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Fly Fishing for Largemouth Bass


By Cameron Larsen

Like all bass fishing, bass fly-fishing has exploded in popularity. The largemouth bass is considered by many the greatest of all gamefish. Once limited to just the eastern United States, the largemouth bass has been introduced all over the continent. When most people think of bass fishing they think of, stiff fiberglass rods, heavy lines and large lures. But more and more fisherman is finding the advantage of fly-fishing for this gamefish.

Advantages of fly-fishing:

Fly-fishing allows the angler a wider variety of food imitations. While large lures only imitate a small number of food sources, flies can imitate virtually all the sources of bass food, including small organisms like nymphs and even dry flies. Fly fisherman can also cast out mice, frog, and a variety of other food sources for these opportunistic feeders. Many times bass are found in shallow water, hiding under or near logs or snags or in weeds. Fly casters have the advantage of more accurate placement, and being able to place their offering quietly without spooking skittish fish.

Bassy Water:

Largemouth's usually emerge in early spring albeit a bit sluggish, but nevertheless with a speeding up metabolism, they are seeking food. Most largemouth's will seek food in the shallows; being territorial the best hiding places will go to the biggest fish. Recognizing a good bass hiding spot is the first step in successful bass fishing. Fallen logs or weedy areas will provide cover for the wary lunker. Often times bass can be spotted by the careful observer, in clear water bass will appear green to pale olive across the back and white to pale yellow in the belly. In some areas a partner system will be beneficial with one angler standing above the water to provide a bird's eye view. Float tubes can also be helpful allowing an angler to cover a lot of water in shorter amount of time, although you give up some of the advantages of sight angling.

When to Fish:

Largemouth Bass emerge in the early spring from deeper water. The exact timing depends on the region and the severity of the winter. But when ice begins to thaw and the water warms up, the largemouth's metabolism begins to quicken albeit slowly at first. The strikes won't be as hard, as the reticent fish, slurp in minnow patterns. Much like a trout slurps up an emerged pattern.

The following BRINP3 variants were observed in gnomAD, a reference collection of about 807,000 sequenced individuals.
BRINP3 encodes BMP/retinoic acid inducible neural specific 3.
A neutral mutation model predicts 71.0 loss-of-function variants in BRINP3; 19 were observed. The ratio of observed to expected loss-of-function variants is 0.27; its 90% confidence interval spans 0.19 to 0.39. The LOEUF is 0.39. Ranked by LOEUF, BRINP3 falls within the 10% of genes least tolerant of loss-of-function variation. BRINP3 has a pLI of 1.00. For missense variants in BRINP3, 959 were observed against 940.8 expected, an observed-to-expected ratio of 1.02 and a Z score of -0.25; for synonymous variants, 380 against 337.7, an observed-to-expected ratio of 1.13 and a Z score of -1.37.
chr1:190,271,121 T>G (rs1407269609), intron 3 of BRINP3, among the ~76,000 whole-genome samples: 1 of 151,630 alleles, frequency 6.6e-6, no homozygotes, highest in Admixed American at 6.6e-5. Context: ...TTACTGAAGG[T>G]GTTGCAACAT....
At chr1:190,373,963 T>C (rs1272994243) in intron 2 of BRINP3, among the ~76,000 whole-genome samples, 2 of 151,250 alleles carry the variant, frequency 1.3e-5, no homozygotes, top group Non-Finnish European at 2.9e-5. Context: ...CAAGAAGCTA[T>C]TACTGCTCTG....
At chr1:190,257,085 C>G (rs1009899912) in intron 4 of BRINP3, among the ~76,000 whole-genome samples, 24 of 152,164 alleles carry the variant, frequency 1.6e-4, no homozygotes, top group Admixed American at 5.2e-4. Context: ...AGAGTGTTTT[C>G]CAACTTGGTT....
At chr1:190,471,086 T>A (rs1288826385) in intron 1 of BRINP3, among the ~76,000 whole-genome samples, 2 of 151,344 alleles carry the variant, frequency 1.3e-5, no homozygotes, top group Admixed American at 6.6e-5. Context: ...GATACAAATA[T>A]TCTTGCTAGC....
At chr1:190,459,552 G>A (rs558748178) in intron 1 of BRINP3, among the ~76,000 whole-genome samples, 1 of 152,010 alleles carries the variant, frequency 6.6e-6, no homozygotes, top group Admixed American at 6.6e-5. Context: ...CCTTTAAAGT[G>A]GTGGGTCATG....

But once the water begins to warm to 60 degrees. The largemouth's thoughts turn to spawning. In many areas this is around April. And the bass feed furiously, and seemingly without much thought to selection. It is during this time, that the bass fly fisher can found in their true natural environs. Bass cruising the shoreline in 1-3 feet of water, needing to bulk up for the upcoming spawn. It is then that the bass are the easiest to catch. Being fiercely territorial and in a feeding frenzy, they will attack anything in their path with a ferocity that makes this fish legendary.

After the spawn the bass seeks out deeper water, however, early morning and evening in particular can give one great action all summer long. And with the cooler waters of fall, bass return to activity that makes a trip to your favorite bass whole a worthy endeavor.

Techniques:

Early in the morning, I usually fish the banks with steamers. Casting out Woolly Buggers, Woolly Worms, Muddler Minnows, and even a leech pattern or two. One to three feet of water is where I concentrate, while the bass cruise actively looking for fish to eat.

In the springtime by afternoon I have switched to floating bass bugs. The very thing that makes bass fly-fishing so fun. Casting one toward a nice looking bass hiding spot, I allow it to sit there for a few seconds. If you allowed the fly to 'pop' upon landing and have a nice bass picked out, often times this all that is needed for the bucket mouth to inhale your offering. Make sure your rod tip is at the proper angle to absorb the hit, or the game will be over before it begins.

If after a few seconds the 'hit' doesn't occur, begin retrieving your fly at intermittent intervals like would occur in nature. This 'popping' action is what attracts the bass to your offering. Watch for the wake as the great hunter is not at all shy, and remember especially trout anglers, the bass's mouth is huge and these animals were built for eating.

Flies:

Well, The Big Y Fly Co. (http://www.bigyflyco.com) is about selling flies, so you didn't think we would forget that did you. If it is still unclear bass are opportunistic carnivores with huge mouths, which will eat anything. There are the usual bass bugs that float like the Frog, and the Mouse Rat. Then there are the divers, which float and then sink when you retrieve them, like the Dahlberg divers. And then there are the streamers, like the Woolly Buggers, Clouser minnows. Furthermore for those hot days or big reservoirs, there are sculpins and leeches, which like bass will seek deep water.

The great largemouth bass has soared in popularity like few other gamefish. If you haven't ever experienced fighting one of these, you are missing out on something special. Now introduced virtually everywhere throughout the continent on North America, there bound to be some great bass fishing not for from your door.

About The Author
Cameron Larsen is a retired commercial fly tier and fly-fishing guide. He now operates The Big Y Fly Company.
http://www.bigyflyco.com. He can be reached at info@bigyflyco.com. The above article will appear in the Big Y Fly Fishing E-Zine at http://www.bigyflyco.com/Bigyflycoflyfishingnewsletter.asp

Article Source: http://ezinearticles.com

 
 
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